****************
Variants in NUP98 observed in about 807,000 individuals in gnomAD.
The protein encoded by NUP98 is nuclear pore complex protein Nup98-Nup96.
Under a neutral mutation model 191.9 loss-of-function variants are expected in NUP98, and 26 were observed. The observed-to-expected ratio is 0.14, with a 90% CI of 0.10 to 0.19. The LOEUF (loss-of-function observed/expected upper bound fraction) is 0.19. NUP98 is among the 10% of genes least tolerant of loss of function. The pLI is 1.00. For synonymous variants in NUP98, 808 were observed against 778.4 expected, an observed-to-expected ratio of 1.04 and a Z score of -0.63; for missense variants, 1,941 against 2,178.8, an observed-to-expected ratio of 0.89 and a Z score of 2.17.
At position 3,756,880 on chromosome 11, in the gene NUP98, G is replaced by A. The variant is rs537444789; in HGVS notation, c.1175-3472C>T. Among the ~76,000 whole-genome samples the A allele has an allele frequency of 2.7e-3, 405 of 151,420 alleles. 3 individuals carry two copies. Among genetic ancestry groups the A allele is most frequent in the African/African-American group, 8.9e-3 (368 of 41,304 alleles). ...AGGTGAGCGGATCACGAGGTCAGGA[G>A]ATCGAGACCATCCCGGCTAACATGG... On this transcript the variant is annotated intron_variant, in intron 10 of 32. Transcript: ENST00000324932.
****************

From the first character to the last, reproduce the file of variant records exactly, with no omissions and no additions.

Variants in NUP98 observed in about 807,000 individuals in gnomAD.
The protein encoded by NUP98 is nuclear pore complex protein Nup98-Nup96.
Under a neutral mutation model 191.9 loss-of-function variants are expected in NUP98, and 26 were observed. The observed-to-expected ratio is 0.14, with a 90% CI of 0.10 to 0.19. The LOEUF (loss-of-function observed/expected upper bound fraction) is 0.19. NUP98 is among the 10% of genes least tolerant of loss of function. The pLI is 1.00. For synonymous variants in NUP98, 808 were observed against 778.4 expected, an observed-to-expected ratio of 1.04 and a Z score of -0.63; for missense variants, 1,941 against 2,178.8, an observed-to-expected ratio of 0.89 and a Z score of 2.17.
At position 3,756,880 on chromosome 11, in the gene NUP98, G is replaced by A. The variant is rs537444789; in HGVS notation, c.1175-3472C>T. Among the ~76,000 whole-genome samples the A allele has an allele frequency of 2.7e-3, 405 of 151,420 alleles. 3 individuals carry two copies. Among genetic ancestry groups the A allele is most frequent in the African/African-American group, 8.9e-3 (368 of 41,304 alleles). ...AGGTGAGCGGATCACGAGGTCAGGA[G>A]ATCGAGACCATCCCGGCTAACATGG... On this transcript the variant is annotated intron_variant, in intron 10 of 32. Transcript: ENST00000324932.